Colloidal quantum dot light-emitting devices

Publication Type:

Journal Article


Nano Rev., Volume 1 (2010)




2010, 2013 and earlier, displays, lighting, nanocrystals, optoelectronics


Colloidal quantum dot light-emitting devices (QD-LEDs) have generated considerable interest for applications such as thin film displays with
improved color saturation and white lighting with a high color rendering
index (CRI). We review the key advantages of using quantum dots (QDs) in
display and lighting applications, including their color purity, solution
processability, and stability. After highlighting the main developments in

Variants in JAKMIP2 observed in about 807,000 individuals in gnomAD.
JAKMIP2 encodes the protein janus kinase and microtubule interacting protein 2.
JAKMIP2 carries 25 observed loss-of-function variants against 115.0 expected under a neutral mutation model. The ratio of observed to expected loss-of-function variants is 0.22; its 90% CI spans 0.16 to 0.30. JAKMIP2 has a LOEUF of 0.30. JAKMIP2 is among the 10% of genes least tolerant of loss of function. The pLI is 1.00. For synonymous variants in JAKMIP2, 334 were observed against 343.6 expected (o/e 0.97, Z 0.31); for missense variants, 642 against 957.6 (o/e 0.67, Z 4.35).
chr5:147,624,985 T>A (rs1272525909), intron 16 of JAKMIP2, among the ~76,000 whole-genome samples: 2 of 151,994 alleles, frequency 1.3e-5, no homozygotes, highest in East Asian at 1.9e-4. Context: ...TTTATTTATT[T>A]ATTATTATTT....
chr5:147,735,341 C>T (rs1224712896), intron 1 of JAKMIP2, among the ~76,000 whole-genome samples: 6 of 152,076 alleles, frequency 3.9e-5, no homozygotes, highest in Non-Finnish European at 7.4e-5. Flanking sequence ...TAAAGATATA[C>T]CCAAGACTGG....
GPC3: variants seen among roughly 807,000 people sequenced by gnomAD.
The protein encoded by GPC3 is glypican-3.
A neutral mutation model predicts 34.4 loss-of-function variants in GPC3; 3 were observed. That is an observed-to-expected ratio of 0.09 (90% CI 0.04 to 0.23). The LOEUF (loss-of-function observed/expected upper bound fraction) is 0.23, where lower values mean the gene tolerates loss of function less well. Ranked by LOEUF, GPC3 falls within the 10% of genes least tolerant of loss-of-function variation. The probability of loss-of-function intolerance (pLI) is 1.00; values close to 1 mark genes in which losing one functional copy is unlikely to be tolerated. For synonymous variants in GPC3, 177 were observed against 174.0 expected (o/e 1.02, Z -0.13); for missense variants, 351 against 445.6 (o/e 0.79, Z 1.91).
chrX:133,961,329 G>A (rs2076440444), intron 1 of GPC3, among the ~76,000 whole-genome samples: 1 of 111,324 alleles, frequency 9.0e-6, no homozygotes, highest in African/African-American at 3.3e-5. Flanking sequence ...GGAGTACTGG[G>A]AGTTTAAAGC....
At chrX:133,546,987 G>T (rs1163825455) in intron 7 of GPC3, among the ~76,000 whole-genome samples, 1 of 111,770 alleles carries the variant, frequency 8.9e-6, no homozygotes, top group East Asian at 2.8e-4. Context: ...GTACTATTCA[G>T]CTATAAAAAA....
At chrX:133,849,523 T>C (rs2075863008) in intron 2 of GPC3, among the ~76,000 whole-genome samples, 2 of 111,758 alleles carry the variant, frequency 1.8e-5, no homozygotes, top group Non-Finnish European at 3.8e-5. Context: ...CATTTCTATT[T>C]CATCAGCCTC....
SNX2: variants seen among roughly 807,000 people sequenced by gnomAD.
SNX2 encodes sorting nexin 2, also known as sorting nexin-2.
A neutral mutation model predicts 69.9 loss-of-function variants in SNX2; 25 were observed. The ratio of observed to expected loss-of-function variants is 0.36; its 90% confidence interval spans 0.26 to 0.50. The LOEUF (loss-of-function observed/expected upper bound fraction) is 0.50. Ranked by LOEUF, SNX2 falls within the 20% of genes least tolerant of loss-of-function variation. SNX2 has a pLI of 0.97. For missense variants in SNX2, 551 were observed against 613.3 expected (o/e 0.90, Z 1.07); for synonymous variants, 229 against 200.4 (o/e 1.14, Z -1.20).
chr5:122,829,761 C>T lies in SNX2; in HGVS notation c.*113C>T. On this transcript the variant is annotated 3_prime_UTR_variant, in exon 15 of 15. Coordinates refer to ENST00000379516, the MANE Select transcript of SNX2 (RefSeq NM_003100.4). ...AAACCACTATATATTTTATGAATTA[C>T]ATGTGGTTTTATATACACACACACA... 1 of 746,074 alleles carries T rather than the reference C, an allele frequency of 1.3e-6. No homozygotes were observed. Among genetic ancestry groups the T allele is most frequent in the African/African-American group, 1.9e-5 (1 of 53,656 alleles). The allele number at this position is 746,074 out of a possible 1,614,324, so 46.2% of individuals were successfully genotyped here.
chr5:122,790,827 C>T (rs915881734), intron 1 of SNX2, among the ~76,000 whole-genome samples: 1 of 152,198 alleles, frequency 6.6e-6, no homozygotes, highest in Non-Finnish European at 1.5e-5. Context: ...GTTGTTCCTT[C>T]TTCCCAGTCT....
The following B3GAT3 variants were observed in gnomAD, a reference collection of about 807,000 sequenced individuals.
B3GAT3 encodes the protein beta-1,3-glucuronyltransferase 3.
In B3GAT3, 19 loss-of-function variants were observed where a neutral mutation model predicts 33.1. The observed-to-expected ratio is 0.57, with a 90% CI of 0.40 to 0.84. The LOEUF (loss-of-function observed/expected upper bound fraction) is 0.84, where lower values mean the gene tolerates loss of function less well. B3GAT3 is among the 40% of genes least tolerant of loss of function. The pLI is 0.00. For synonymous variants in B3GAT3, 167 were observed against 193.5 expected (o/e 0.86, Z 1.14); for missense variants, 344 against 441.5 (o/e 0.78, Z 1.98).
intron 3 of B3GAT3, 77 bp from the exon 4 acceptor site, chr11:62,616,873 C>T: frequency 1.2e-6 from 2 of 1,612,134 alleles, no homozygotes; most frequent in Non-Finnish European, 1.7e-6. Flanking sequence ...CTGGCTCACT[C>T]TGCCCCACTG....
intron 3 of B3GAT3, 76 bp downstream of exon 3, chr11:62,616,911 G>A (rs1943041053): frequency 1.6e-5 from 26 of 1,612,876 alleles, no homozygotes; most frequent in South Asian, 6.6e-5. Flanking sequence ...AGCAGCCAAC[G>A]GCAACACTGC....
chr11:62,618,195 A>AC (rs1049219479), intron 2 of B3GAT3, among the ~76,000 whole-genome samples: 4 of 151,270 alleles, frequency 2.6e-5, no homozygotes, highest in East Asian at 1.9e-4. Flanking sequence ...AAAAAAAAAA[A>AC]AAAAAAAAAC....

QD-LED technology in the past 15 years, we describe the three mechanisms
for exciting QDs - optical excitation, Förster energy transfer, and direct
charge injection - that have been leveraged to create QD-LEDs. We outline
the challenges facing QD-LED development, such as QD charging and QD
luminescence quenching in QD thin films. We describe how optical
downconversion schemes have enabled researchers to overcome these
challenges and develop commercial lighting products that incorporate QDs
to achieve desirable color temperature and a high CRI while maintaining
efficiencies comparable to inorganic white LEDs (>65 lumens per Watt). We
conclude by discussing some current directions in QD research that focus
on achieving higher efficiency and air-stable QD-LEDs using electrical
excitation of the luminescent QDs.